Interviewed by Kelcey Parker Ervick
Editor’s Note- A few years back, when Sarah J. Sloat began her process of creating the visual poems which would become Hotel Almighty, I stumbled across them on social media and was instantly obsessed. I feel very lucky to be able to feature Sarah in our visual poetry issue and thrilled that equally talented writer and artist Kelcey Parker Ervick agreed to interview her. –NS
Kelcey Parker Ervick: First, I just want to say how much I love your new book of visual poetry, Hotel Almighty, which is both a poetic erasure and visual reimagining of Stephen King’s Misery. I was drawn to it because of the visual art but as I read it again and again, I love the way the words resonate. The erasure creates such wonderful white spaces and opportunities for visual and aural breaths, and the images—whether collaged items or abstract shapes and patterns—interact so beautifully with the words.Your background is in poetry, and I read that Hotel Almighty began with a challenge to create a poem-a-day using a Stephen King book as a source text. But you took it a step further by manually erasing and altering pages through your own imagery and collage. How did you come to create this collection of visual poetry? Did you have a background in visual art or collage? Did you have to overcome any fears or doubts about working in visual arts?
Sarah J. Sloat: Thanks so much. I’m a big fan of yours too. A couple or so years ago you set out to draw or paint something every day, and I remember being so inspired by that. I was working on Hotel Almighty at the time and often needed to let go and not worry about whether or not what I was doing at the time turned out perfect. Nothing turns out perfect.
I have doubts all the time and bouts of impostor syndrome. My artistic education is limited. I took a couple applied arts classes years ago in college and some collage workshops more recently. About two years ago, my brother, who’s a professional photographer, said to me very seriously, “so, are you a visual artist now?” And I was like huh, here’s a question. I didn’t want to be presumptuous, but here we are. I have a lot to learn. I look forward to it.
KPE: Can you talk about your process and materials for creating Hotel Almighty? Did you have multiple copies of Misery? Did you tear the book apart or work directly in it? Did you mount the pages on other paper or a sturdier substrate? What did you use for drawing and gluing? Where did you find source material for your collages?
SJS: Over the three and a half years I worked on this. I accumulated five copies of Misery. Maybe it’s not a lot. But each time I re-ordered it, I was like, LAST TIME!
In terms of process, I kept the pages in the book until I was sure I’d finished the poem. If I pulled them out before that, they ended up lost somewhere or damaged in my seas of paper. Many of the pages are mounted on card stock, especially if I sewed them, or more often inside the cover of a hardback book. This isn’t visible in Hotel Almighty because we wanted to size the images uniformly. I mostly used a glue stick, but if I included a piece of fabric or something heavier than paper in the collage, I used a stronger glue and sometimes an adhesive spray.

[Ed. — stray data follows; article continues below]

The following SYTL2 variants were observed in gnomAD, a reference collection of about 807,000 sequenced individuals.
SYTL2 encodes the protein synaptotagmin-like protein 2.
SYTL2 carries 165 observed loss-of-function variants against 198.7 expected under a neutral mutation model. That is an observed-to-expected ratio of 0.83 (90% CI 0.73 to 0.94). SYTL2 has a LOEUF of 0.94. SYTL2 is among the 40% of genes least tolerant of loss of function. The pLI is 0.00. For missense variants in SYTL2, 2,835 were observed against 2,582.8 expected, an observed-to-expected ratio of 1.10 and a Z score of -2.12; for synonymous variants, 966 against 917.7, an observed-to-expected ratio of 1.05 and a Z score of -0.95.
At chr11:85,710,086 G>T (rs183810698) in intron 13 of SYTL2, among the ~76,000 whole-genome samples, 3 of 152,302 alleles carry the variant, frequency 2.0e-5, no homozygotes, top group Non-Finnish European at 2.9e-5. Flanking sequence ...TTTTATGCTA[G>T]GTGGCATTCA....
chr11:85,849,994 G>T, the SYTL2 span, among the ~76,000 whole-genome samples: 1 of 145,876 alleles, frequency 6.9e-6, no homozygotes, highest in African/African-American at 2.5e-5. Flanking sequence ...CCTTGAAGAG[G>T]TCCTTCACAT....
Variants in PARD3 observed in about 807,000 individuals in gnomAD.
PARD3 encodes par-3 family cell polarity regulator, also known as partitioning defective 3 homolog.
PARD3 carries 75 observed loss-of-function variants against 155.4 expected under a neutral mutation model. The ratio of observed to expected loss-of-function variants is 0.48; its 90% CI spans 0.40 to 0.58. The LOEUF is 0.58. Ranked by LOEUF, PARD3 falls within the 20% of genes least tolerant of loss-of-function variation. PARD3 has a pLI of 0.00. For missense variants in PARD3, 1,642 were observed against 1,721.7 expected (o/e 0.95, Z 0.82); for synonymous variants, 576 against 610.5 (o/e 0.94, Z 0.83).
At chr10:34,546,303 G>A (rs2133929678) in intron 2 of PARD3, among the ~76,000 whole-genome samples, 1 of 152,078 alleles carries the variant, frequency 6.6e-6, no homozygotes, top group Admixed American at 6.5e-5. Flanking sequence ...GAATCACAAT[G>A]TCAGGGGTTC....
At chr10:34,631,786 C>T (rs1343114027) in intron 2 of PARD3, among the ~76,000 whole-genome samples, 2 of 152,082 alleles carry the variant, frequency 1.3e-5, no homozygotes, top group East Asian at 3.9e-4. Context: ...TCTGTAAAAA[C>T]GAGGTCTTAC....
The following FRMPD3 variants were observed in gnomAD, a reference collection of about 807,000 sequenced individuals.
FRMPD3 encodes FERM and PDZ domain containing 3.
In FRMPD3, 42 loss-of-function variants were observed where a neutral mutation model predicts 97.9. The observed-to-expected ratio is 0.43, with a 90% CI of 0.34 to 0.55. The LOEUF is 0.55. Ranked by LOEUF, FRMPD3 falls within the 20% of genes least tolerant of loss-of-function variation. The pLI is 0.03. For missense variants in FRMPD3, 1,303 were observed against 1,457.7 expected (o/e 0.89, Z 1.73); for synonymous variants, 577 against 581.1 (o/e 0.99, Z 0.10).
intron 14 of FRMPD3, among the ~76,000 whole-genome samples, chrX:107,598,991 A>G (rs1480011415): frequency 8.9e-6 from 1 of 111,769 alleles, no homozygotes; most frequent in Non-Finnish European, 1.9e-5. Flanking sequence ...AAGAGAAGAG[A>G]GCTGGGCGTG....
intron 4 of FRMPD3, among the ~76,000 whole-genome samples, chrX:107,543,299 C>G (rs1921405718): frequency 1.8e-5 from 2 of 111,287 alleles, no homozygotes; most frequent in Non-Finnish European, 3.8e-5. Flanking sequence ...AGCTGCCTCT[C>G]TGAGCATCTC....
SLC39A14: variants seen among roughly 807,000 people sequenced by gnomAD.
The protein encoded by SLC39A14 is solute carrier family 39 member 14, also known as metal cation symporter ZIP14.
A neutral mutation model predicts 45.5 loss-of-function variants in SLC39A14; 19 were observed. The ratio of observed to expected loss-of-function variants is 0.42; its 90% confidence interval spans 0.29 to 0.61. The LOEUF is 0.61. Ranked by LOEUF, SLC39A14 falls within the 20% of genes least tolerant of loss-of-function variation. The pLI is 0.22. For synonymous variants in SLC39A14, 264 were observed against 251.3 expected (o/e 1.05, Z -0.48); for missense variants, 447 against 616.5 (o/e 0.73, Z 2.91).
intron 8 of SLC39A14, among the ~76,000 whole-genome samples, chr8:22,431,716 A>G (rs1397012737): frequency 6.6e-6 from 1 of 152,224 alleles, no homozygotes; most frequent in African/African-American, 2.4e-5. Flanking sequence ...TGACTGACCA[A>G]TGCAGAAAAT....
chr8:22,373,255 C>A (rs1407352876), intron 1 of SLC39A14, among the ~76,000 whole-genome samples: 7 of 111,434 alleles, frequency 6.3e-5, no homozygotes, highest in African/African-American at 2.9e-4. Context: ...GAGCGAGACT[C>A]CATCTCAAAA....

KPE: How did you go about organizing the book? Since you left the page numbers visible, it’s clear that you did not keep them in order of King’s book. Did you also jump around as you worked on the pages? Did you have much editorial input from Sarabande after your manuscript was accepted?
SJS: I read the book before starting the project, but just as the poems jump all over the page, I jumped all over the book. I never intended to maintain King’s order, but I did get a special thrill when I made something of the first page of Misery ([The haze…]) and the last page ([In gratitude…]).
Sarabande accepted the manuscript in 2018 but with a publication date two years later. That was fine with me — there’s nothing like Vorfreude, the happiness of looking forward to something. Sarabande knew I would continue working on the poems until the final deadline. In the end there were too many to fit in the book, so Kristin Miller, Sarabande’s managing editor, and I discussed what to cut. It was very amicable! I’m sure now that she was ‘more right’ in her choices than I was.
KPE: You tweet about a lot of visual artists and poets. Can you talk about some poets and artists whose work inspires you?
SJS: It’s pretty much a cliché, but the first poet I loved was e.e. cummings. His Selected Poems was one of the few poetry books we had in the house when I was growing up. I think of him as a visual poet, too, considering his attention to the way a poem looked on the page.
That was long ago, though. The poets who have inspired me over the past 10-20 years are dead and living: Federico Garcia Lorca and Lesle Lewis, Vasko Popa and Mary Ann Samyn, the French surrealists and Kate Greenstreet.
I love all kinds of art, and follow many fabulous artists on Instagram, including you! I love the conceptual artist Anu Tuominen and the funny Austrian artist Erwin Wurm. I recently bought a small watercolor by the painter Blair Thornley. She has a wonderful sense of playfulness that inspires me.
Although I love serious and dark writers and artists, I am also very drawn to artists of delight — whether it’s e.e. cummings or Blair Thornley, Ross Gay or Sabine Finkenauer.
KPE: Relatedly, who are visual poets—those that combine image and text—whose work you admire? I believe Indianapolis Review is defining “visual poetry” quite broadly, encompassing what others might call graphic poetry or comics poetry, or even works like Kenneth Patchen’s “painted poems” or Guillaume Apollinaire’s Calligrammes.
SJS: I’m a big fan of Apollinaire. A couple years ago we visited the patch of French forest where he was wounded in WWI. In the same region there was a small local museum with a couple of his visual poems.